Customer Reviews


5 Reviews
5 star:
 (4)
4 star:
 (1)
3 star:    (0)
2 star:    (0)
1 star:    (0)
 
 
 
 
 
Average Customer Review
Share your thoughts with other customers
Create your own review
 
 
Most Helpful First | Newest First

8 of 8 people found the following review helpful
5.0 out of 5 stars The Envy of modern Britain, 9 Dec 2002
By 
Mr. N. A. Darby (London) - See all my reviews
(REAL NAME)   
'The Envy of the World' is a fascinating story of British radio after the war. It is interesting to learn how even in its heyday the BBC was unsure of producing 'high brow' radio for a small audience, and how listening figures were the usual benchmark of success even then. Thank goodness for those who stood against that trend - where are the William Haleys today. This is an excellent book that I thoroughly recommend especially in today's climate of low brow, mass audience entertainment. Maybe one day we can return to a time where intellectualism and learning are not dirty words.
Help other customers find the most helpful reviews 
Was this review helpful to you? Yes No


5 of 5 people found the following review helpful
5.0 out of 5 stars The Envy ... and rightly so, 7 Jun 2003
Humphrey Carpenter's 50th anniversary volume is an insider's affectionate portrait of the BBC Third Programme (later Radio 3)which succeeds in being a thorough piece of serious scholarship. The radio station was highbrow, funny, with an amateur's unconcern for the minutiae of broadcasting (like starting and ending programmes on time), setting high standards for itself and its listeners - how could it survive, supporting orchestras, commissioning new music and drama, in a time of cost counting and popular culture? Yet somehow it has - just.
Fascinating to read about the debates which raged, and still rage now, as to the viability of - or necessity for - a station dedicated entirely to the high arts.
As cultural frontiers become blurred and mass audience entertainment encroaches further into the arts sphere, this book gains in relevance, not least as a document to the way that educational standards have altered. There was a time when the Third Programme was branded as pretentious, aimed merely at Bloomsbury luminaries. In reality, the Evening Standard proclaimed, it should be beamed at the average Albert Hall Promsgoer, the average public library user.
Where should it be aimed now? At the "discriminating" music lover who recognises the superiority of Radiohead over Blur? Or who reads John Grisham rather than comic books? It all rather depends on cultural trends and the prevailing thinking at the BBC. This book will cast a disquieting look on the arts world for some time to come.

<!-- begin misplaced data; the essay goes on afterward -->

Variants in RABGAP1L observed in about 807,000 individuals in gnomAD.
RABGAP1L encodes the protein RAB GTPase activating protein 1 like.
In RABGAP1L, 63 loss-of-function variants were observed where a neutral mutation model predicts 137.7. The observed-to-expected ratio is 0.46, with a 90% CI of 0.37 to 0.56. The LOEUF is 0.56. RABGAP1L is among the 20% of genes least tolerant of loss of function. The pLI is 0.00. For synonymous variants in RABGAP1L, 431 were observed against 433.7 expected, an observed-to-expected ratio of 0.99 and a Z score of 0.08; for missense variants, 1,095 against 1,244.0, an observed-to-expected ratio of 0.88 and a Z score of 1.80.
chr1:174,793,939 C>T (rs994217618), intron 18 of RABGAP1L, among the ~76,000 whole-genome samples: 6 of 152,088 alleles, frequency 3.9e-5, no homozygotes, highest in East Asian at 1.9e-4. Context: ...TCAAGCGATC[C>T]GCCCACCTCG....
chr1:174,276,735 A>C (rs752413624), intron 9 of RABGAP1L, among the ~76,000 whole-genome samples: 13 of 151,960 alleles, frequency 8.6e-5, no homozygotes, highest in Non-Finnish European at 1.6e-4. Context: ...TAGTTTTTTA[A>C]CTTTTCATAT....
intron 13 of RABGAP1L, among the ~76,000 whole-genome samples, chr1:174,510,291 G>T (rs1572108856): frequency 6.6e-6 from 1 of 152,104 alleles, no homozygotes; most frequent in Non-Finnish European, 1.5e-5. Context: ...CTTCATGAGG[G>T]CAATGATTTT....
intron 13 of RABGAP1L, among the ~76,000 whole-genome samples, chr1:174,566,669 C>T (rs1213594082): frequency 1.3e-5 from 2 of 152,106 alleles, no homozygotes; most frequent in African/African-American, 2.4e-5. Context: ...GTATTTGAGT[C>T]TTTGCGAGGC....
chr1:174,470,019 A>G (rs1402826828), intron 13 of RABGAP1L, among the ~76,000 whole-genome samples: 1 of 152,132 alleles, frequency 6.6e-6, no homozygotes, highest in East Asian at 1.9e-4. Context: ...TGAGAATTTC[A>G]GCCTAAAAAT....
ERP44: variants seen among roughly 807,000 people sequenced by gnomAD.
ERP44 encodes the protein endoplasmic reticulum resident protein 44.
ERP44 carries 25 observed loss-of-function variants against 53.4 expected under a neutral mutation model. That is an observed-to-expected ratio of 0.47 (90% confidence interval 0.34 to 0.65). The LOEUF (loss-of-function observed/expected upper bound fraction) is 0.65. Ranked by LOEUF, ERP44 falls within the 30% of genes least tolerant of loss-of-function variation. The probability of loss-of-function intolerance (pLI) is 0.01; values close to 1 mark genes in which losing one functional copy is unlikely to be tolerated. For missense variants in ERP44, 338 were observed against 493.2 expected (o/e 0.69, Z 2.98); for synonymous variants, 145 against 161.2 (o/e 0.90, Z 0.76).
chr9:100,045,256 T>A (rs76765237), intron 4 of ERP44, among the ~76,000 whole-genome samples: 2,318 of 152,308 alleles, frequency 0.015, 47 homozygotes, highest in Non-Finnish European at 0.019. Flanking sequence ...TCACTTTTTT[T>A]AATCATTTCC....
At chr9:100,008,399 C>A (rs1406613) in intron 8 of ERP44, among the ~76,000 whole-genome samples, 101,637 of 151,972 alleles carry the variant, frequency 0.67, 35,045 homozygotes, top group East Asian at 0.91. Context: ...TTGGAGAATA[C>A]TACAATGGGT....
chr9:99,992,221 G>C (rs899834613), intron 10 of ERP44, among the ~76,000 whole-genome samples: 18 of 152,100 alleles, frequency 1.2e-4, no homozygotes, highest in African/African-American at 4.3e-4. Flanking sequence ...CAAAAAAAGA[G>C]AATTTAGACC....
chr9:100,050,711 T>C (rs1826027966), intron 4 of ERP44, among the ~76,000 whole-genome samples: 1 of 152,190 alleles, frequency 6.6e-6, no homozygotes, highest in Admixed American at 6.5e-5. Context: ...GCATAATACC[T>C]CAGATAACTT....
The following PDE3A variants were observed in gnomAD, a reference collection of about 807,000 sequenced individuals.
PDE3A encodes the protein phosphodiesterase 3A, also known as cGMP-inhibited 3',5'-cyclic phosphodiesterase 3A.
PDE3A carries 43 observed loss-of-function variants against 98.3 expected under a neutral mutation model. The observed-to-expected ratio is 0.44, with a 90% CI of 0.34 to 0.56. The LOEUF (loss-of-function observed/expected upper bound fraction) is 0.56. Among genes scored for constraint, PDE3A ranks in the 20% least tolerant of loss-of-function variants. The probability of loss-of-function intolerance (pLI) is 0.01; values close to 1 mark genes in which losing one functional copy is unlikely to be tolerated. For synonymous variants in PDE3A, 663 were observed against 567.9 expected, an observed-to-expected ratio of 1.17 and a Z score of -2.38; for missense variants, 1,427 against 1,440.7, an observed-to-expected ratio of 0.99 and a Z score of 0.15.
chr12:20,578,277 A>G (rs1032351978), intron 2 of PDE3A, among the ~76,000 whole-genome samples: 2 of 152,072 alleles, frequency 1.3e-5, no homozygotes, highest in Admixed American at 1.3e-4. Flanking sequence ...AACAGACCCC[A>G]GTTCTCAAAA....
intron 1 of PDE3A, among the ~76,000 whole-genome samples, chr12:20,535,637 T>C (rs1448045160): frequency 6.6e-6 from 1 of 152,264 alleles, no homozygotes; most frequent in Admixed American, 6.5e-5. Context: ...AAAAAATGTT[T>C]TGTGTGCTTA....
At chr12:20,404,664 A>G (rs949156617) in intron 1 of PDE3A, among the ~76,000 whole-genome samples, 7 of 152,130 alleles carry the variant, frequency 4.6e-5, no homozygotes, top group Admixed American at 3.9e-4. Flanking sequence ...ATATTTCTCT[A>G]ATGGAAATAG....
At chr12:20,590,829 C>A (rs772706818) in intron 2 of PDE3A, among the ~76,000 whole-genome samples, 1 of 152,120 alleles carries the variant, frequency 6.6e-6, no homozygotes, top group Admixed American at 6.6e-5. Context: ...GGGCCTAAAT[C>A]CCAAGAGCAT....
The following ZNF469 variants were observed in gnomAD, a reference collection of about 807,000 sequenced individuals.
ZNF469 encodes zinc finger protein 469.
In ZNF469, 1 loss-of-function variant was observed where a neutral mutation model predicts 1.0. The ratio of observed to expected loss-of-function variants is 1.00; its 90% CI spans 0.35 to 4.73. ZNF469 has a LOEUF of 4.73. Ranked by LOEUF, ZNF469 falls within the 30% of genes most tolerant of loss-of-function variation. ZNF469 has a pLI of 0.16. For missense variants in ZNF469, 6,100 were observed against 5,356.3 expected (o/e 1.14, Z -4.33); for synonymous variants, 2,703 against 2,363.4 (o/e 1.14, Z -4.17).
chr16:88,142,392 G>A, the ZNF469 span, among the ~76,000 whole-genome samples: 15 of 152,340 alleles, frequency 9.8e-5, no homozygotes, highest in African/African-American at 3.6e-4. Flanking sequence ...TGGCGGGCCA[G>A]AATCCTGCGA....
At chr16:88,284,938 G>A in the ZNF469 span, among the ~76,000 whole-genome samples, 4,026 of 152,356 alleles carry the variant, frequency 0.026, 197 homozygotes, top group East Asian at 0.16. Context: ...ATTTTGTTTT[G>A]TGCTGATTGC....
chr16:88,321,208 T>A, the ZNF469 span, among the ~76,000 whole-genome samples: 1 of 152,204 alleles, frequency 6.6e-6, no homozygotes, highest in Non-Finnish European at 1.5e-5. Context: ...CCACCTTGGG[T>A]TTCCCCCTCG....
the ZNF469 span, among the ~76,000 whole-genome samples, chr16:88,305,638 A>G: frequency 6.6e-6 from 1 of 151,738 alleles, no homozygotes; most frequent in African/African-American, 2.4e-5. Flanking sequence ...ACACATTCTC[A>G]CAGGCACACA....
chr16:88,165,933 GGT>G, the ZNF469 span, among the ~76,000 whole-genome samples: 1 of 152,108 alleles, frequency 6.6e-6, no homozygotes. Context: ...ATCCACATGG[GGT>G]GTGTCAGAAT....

Help other customers find the most helpful reviews 
Was this review helpful to you? Yes No


1 of 1 people found the following review helpful
5.0 out of 5 stars The envy of the world - fifty years of the third programme, 28 Oct 2010
By 
D. Turner "deecee" (Colchester UK) - See all my reviews
(REAL NAME)   
If you are interested in Radio Three and the BBC this is an absorbing read. I have read it three times and it is a good reference scource.

Difficult to put down !
Help other customers find the most helpful reviews 
Was this review helpful to you? Yes No


4.0 out of 5 stars It IS The Best Thing On Radio!, 6 Mar 2014
By 
Mr. A. M. Hutchings (Somewhere on the planet!) - See all my reviews
(REAL NAME)   
Verified Purchase(What is this?)
Radio 3 & its forerunner, the Third Programme promote everything that's excellent about sound broadcasting! One doesn't just turn on, one actively listens! This book tells the history of a truly great British broadcasting institution-long may this book stand as a tribute the Third & Radio 3!
Help other customers find the most helpful reviews 
Was this review helpful to you? Yes No


5.0 out of 5 stars A Quality History of a Quality Station, 4 Jan 2009
Having bought this book on a recommendation some time ago I was concerned that it would contain more personal reminiscences of the station by former or current announcers than actual history. Thankfully my fears were unfounded and Humphrey Carpenter really has delved deep into the archives to produce an enjoyable and highly readable account of Radio 3 from its inception in 1946 up to the time of publication in 1997. If you are interested in reading about a cultural British Giant then this book is for you.
Help other customers find the most helpful reviews 
Was this review helpful to you? Yes No


Most Helpful First | Newest First

This product

The Envy of the World: Fifty Years of the Third Programme and Radio Three
Used & New from: 0.01
Add to wishlist See buying options
Only search this product's reviews